M17 Omega Nebula ≈ 52,035.50 × 10ˆ15 m
In the words of the late Charles Eames, an all-time favourite aphorism of mine: ‘Eventually, everything connects.’ Four years ago, I was commissioned to design the brand for the MindWinder retail chain, whose identity was inspired by the Fibonacci spiral as manifested in one of my (and my client’s) favourite books from the Phaidon publishing house. Heaven & Earth, an impeccably packaged collection of images set to astounding distances and proximities of scale, demonstrates the beauty of nature unobservable by the naked eye. A scientific visual study on the infinite yet inherently related patterns of various topographies found in the realms of astronomy (macro) and biology (micro), its resemblance to the 1977 short film Powers of Ten is undeniable. Written and directed by the renowned 20th Century American design duo Charles and Ray Eames (of the iconic 1956 Eames 670 Lounge Chair), the nine-minute documentary portrays ‘the relative size of things in the universe’, namely through the addition of zeros in orders of magnitude ranging from 10ˆ-16 to 10ˆ24 metres. Opening scene overlooking the Chicago lake-front with narrative voiceover by Philip Morrison (former Professor of Physics Emeritus at MIT), it’s classified by the US Library of Congress’ National Film Registry as ‘culturally, historically, or aesthetically significant’. Like Heaven & Earth, it too is a ‘modern’ adaptation of another book, the 1957 Cosmic View: The Universe in 40 Jumps by Dutch educator Kees Boeke, and has since been the inspiration behind a revised edition.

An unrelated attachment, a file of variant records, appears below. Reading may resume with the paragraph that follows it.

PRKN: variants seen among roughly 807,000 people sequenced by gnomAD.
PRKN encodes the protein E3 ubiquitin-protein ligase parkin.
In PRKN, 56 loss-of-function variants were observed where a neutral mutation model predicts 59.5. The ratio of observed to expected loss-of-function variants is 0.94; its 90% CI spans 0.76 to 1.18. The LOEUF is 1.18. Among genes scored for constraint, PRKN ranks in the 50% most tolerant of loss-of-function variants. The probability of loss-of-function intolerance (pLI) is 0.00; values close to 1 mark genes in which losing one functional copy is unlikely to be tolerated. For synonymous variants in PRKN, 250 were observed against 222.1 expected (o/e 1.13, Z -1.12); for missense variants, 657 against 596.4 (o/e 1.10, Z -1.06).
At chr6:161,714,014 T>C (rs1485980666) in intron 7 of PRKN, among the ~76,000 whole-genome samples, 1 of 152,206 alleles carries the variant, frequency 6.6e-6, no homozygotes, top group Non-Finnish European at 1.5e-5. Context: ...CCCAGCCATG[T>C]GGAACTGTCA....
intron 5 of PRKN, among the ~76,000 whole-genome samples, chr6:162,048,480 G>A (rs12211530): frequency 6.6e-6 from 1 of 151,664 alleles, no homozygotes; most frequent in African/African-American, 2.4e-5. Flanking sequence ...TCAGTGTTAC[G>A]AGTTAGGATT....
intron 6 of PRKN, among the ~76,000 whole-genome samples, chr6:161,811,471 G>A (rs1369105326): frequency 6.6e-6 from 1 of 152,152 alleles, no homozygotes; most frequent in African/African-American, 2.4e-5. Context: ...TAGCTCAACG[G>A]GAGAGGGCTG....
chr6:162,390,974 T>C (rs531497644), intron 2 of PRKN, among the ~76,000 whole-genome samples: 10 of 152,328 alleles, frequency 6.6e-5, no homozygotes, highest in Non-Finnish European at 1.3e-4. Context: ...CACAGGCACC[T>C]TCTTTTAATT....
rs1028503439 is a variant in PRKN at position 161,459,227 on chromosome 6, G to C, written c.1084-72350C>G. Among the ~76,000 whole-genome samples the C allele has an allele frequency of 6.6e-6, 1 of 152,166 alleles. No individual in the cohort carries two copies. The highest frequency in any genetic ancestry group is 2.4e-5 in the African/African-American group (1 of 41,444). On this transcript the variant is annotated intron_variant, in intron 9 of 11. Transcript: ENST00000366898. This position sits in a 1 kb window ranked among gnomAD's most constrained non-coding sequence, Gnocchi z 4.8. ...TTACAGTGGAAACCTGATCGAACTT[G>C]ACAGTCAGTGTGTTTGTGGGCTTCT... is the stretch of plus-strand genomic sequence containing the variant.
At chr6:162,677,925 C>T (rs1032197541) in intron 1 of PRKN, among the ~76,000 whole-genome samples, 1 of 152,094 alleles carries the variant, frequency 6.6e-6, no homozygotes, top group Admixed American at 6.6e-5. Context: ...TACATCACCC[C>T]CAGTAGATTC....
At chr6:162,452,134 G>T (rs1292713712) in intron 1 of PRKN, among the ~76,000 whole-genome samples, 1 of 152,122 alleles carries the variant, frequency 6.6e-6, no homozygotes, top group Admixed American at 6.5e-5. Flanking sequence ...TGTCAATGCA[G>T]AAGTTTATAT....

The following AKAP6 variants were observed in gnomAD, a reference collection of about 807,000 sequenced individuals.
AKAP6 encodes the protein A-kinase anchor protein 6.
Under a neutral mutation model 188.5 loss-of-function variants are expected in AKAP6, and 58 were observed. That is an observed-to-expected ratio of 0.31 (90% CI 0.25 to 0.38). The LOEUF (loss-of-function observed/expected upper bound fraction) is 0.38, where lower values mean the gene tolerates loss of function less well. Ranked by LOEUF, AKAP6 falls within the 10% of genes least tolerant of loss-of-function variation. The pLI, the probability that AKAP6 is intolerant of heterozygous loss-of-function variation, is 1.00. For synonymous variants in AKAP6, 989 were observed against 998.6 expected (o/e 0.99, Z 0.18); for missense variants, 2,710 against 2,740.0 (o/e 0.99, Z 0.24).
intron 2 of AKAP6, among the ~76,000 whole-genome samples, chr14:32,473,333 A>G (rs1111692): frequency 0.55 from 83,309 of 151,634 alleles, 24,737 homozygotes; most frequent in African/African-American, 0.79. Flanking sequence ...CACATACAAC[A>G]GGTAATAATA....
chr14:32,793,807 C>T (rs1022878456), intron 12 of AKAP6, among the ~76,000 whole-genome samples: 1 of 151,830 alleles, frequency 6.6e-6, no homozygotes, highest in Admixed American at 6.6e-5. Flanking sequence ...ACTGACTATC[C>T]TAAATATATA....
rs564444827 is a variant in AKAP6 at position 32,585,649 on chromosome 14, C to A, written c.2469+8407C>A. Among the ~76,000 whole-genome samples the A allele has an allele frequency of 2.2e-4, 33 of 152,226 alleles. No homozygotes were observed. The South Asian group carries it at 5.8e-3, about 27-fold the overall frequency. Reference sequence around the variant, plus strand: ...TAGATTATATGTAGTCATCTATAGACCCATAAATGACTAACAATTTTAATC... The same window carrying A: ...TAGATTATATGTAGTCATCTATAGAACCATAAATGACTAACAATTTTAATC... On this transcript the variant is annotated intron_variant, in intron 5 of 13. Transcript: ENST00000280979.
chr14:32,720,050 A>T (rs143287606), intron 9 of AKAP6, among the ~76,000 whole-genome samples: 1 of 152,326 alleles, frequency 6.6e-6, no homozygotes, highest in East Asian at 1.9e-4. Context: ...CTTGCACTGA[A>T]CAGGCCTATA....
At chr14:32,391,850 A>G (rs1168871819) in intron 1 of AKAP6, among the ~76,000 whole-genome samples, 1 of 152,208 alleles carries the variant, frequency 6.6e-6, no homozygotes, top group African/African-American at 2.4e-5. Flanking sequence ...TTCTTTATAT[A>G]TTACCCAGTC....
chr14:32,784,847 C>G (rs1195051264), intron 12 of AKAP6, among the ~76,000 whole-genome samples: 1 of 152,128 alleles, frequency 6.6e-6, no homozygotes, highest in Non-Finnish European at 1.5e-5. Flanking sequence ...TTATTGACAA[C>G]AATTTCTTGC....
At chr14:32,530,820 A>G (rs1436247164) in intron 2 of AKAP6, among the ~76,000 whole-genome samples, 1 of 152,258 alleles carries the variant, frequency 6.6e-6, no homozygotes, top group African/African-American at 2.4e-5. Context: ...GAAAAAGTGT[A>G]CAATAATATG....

Obviously rather popular in theme as an item for remake and adaptation, the video below for Gas’ digitally re-mastered track ‘Microscopic’ aptly utilizes footage from Powers of Ten in real time. Not to be confused with the Gas moniker of Wolfgang Voigt, it is the third feature on electronic musician Mat Jarvis‘ classic ambient album Gas 0095, whose rare 1995 edition today retails for 460 dollars on eBay. Originally released on the twice defunct Em:t Records (a T:me Recording off-shoot), it’s been made available once more on Jarvis’ new Microscopics label. Em:t, a Nottingham-based enterprise prone to bankruptcy despite its cult status, helped to pioneer experimental electronica back in the 90s, whilst being rather known for its outstanding cover art as designed by Ian Anderson’s The Designers Republic (the Warhol/Hirst equivalent in the graphic design world — more on tDR soon!). Now that Jarvis has offered his seminal ambient soundscapes at 32bit/96khz with an impressive 32db dynamic range, those unable to afford Gas 0095 in vintage format have the opportunity to appreciate this rather awesome collection of a dozen outerspace-inspired works, beautifully crafted in what can be described as a dream-inducing fusion of Hexstatic and Monolake, with atmospheric references similar to those of programmer/musician Synth.nl. Hopefully much to look forward to from the Gas HQ, I’ll definitely be keeping tabs on Microscopics for further exciting releases in the pipeline…
Sarah Badr © MMVIII
See also: Eames Office